Developing and Testing a new Communist Theory:

Communist Theory of Knowledge, Part IV


In our last column we discussed the failure of the theory that socialism leads to communism. We not only noted that socialism has never actually done that, but explained why: Socialism is a form of capitalism. Its wage system and its government and party hierarchies are capitalist institutions and they inevitably produce a new capitalist class, as happened in China and the USSR.
We also outlined ICWP’s theory of how to fight for communism and organize communist society, mass mobilization for communism.
Mass mobilization for communism was put into practice in limited ways inside the old communist movement. In the late 1920s, Soviet workers in many industries organized “communes” to pool their wages. They were made to stop this after a few years, since it undermined socialism’s wage system.
As the Chinese communists fought for power, they lived on a “supply system,” where everyone got a similar allowance for food and clothes. This system was abolished under socialism, but looking back later Mao Zedong commented, “…the collective lived an egalitarian life. In work everyone was industrious and in warfare all were courageous. There was absolutely no reliance on material incentives, but rather a reliance on the drumbeat of revolutionary spirit.” Further mass mobilizations for communism took place in in China in the People’s Commune movement of the 1950s and during the Cultural Revolution of the 1960s.
Mass mobilization for communism doesn’t just mean having a mass communist party. It means putting the fight for communism in the hands of workers and their allies, and relying on their initiative and creativity to strengthen the fight. Concretely it means encouraging those who are short on experience as organizers or who don’t yet know the ins and outs of communist theory to join ICWP if they agree that the working class needs communism. When millions do the best they can, we can win.
Mass mobilization for communism means making it possible for people who respect ICWP but aren’t sure about communism to work with us to distribute Red Flag and make it their paper. Our commitment is not to offer the working class anything short of communism, like reformism or socialism. But we also struggle to create close relations—communist relations—with those who don’t agree with us fully, and ask them to do more.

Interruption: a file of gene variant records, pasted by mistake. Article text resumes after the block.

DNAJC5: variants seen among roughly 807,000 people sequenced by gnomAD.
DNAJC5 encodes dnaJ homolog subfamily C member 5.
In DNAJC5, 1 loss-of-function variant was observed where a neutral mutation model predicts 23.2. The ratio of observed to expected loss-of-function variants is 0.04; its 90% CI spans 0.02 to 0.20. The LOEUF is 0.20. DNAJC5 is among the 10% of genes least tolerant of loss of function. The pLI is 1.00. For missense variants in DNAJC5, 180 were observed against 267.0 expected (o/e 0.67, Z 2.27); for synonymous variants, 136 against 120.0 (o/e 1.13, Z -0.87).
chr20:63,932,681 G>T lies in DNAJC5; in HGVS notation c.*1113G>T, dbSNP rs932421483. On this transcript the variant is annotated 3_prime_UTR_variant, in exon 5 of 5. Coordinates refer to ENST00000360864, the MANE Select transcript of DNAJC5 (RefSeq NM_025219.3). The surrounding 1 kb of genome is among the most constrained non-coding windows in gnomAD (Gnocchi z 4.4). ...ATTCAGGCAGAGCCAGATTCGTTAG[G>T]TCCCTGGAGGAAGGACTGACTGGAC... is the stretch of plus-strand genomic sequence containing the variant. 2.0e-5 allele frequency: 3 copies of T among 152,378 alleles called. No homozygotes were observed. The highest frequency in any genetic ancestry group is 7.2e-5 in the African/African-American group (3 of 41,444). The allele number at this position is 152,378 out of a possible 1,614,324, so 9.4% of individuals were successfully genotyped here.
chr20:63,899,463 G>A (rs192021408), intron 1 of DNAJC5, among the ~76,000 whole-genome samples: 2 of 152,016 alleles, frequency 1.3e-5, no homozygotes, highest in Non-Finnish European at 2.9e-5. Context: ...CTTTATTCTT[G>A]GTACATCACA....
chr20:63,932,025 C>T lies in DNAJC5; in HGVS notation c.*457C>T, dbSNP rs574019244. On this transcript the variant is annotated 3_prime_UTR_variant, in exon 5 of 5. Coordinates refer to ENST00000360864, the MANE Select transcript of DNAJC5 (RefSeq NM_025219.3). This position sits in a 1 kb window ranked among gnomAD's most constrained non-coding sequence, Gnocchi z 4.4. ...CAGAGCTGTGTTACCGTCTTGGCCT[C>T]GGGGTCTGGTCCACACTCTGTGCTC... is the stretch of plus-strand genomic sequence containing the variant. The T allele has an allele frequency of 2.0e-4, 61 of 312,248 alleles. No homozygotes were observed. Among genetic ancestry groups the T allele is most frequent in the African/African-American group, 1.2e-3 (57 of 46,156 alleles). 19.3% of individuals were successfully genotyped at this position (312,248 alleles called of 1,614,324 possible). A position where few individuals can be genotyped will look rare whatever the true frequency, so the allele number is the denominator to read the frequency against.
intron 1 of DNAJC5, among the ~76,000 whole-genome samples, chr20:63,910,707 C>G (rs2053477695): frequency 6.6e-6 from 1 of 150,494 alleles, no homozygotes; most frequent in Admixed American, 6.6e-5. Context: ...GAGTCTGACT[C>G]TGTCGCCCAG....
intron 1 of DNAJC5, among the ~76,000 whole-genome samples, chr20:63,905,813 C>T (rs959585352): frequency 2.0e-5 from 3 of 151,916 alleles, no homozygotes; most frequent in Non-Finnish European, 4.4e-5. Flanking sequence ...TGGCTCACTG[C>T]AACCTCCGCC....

An article in the last Red Flag from an industrial workplace gives examples of this approach. One black worker took several Red Flags and gave the Spanish part to a latino worker. An asian worker heard that there had been a Red Flag article about a labor issue in the plant, and asked another worker for a copy. That worker got a copy and brought it in the next day. One worker who wanted to discuss communism asked why the get-together had to be done so cautiously. Another worker figured out why we have to keep our Red Flag network secret from the bosses when someone asked who had written an article about their workplace.
These examples are modest but they show the idea of mass mobilization for communism, relying on workers’ initiative to push the movement forward.
Some workers at the same plant have been asked to write articles or letters for Red Flag. This is another important example of mass mobilization for communism. It’s your paper—let others know what your experiences have been or what you think about communism.
The positive experiences mentioned here are important in two ways. They help show that the mass mobilization for communism can work in practice, and they provide information about how to expand and correct ICWP’s understanding about how to apply this approach.
This is a key point of the communist philosophy of knowledge. All knowledge comes from practice and the theories derived from practice guide further practical work. Practice shows the strengths and shortcomings of a theory and allows it to be improved. This is the dialectic of theory and practice, the philosophy which has proved itself in the practice of over 100 years of working class struggle for communism, and is still the way we learn how to win.

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